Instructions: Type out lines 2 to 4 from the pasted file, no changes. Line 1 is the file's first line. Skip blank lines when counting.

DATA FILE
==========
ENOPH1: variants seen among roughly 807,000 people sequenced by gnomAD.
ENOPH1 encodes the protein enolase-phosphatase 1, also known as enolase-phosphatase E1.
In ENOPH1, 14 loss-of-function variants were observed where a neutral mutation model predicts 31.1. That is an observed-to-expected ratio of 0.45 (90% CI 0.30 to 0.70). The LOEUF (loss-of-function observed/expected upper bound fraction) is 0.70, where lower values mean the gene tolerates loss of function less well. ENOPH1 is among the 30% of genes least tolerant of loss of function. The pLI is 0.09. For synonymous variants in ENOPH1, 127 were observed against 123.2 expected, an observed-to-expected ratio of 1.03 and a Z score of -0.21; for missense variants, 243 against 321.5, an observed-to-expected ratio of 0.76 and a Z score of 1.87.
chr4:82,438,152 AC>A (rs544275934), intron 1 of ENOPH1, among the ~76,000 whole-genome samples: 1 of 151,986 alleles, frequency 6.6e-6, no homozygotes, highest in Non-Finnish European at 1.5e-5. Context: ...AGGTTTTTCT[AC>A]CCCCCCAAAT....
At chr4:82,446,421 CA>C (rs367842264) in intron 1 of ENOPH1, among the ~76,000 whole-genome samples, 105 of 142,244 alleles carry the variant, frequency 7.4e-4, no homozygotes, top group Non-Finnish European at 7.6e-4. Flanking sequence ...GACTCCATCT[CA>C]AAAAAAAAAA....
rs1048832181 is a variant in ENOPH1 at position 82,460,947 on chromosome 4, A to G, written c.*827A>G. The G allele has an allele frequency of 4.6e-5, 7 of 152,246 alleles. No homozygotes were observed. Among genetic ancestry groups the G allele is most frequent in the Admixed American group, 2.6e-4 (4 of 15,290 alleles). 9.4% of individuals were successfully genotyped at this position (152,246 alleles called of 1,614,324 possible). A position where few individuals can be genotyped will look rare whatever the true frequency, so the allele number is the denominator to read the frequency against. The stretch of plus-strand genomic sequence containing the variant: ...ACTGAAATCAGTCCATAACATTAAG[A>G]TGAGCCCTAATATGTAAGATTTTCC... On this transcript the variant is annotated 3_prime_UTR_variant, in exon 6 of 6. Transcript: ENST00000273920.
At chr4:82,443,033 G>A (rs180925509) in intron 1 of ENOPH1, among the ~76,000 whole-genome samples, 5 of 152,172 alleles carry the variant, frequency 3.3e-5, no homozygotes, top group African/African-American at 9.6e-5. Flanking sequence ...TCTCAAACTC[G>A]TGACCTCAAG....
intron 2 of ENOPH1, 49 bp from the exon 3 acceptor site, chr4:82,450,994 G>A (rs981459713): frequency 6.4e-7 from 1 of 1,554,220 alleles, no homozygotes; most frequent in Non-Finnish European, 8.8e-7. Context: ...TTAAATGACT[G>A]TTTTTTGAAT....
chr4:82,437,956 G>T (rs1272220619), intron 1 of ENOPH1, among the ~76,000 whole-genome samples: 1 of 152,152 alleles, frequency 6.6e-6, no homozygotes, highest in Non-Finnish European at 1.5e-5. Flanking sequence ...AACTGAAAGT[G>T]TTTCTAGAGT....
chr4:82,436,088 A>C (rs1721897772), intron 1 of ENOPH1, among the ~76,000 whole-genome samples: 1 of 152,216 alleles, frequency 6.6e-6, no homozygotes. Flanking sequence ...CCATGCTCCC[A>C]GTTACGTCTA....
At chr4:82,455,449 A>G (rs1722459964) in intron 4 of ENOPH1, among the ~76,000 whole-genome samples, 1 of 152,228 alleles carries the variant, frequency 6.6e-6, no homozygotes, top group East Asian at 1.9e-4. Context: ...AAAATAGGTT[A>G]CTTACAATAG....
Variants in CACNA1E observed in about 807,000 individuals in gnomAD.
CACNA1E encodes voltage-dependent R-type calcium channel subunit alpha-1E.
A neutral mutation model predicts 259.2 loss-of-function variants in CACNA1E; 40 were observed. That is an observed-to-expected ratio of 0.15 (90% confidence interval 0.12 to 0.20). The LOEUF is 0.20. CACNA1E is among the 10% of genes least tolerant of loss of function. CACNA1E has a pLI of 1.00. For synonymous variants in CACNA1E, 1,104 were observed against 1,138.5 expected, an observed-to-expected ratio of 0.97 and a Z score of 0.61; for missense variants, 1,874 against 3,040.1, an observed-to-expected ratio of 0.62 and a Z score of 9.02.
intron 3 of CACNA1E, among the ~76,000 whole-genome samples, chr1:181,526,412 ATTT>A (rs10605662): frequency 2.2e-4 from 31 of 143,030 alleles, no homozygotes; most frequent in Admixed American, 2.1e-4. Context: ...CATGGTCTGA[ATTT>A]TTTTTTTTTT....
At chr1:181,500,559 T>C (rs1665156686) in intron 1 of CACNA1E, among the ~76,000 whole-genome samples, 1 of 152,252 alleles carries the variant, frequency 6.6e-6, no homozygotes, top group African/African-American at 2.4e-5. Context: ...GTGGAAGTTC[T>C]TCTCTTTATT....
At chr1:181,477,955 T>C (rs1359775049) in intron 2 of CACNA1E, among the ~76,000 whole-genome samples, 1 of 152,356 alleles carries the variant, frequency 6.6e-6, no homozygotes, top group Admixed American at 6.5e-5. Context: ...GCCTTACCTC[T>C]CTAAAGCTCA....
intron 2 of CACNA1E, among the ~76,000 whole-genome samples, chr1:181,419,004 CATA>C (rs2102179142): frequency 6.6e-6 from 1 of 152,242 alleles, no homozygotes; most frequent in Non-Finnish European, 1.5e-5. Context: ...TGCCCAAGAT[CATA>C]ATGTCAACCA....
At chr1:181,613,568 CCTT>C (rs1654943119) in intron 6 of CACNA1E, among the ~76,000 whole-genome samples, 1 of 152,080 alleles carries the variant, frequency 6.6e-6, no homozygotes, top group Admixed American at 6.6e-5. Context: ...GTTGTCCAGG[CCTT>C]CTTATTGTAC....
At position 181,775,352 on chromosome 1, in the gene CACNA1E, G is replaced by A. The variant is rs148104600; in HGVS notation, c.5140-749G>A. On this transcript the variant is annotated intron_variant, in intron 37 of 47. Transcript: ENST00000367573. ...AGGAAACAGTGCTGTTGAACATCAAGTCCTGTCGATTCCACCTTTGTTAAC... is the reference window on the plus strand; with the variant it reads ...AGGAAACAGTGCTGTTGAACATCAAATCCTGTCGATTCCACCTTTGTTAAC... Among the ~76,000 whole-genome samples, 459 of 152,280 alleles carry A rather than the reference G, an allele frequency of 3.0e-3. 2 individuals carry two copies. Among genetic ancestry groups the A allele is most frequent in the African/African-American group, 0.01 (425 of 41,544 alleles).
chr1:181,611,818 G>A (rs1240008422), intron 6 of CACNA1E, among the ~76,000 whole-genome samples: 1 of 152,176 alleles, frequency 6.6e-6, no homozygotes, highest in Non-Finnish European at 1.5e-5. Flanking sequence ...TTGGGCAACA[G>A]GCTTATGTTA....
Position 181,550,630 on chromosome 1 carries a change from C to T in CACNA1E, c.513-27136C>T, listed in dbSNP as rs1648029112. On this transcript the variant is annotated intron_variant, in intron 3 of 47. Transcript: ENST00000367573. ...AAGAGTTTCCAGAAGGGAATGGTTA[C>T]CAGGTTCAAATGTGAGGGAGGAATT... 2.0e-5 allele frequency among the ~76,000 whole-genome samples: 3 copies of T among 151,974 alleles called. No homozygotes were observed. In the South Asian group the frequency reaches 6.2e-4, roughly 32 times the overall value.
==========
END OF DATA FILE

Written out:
ENOPH1 encodes the protein enolase-phosphatase 1, also known as enolase-phosphatase E1.
In ENOPH1, 14 loss-of-function variants were observed where a neutral mutation model predicts 31.1. That is an observed-to-expected ratio of 0.45 (90% CI 0.30 to 0.70). The LOEUF (loss-of-function observed/expected upper bound fraction) is 0.70, where lower values mean the gene tolerates loss of function less well. ENOPH1 is among the 30% of genes least tolerant of loss of function. The pLI is 0.09. For synonymous variants in ENOPH1, 127 were observed against 123.2 expected, an observed-to-expected ratio of 1.03 and a Z score of -0.21; for missense variants, 243 against 321.5, an observed-to-expected ratio of 0.76 and a Z score of 1.87.
chr4:82,438,152 AC>A (rs544275934), intron 1 of ENOPH1, among the ~76,000 whole-genome samples: 1 of 151,986 alleles, frequency 6.6e-6, no homozygotes, highest in Non-Finnish European at 1.5e-5. Context: ...AGGTTTTTCT[AC>A]CCCCCCAAAT....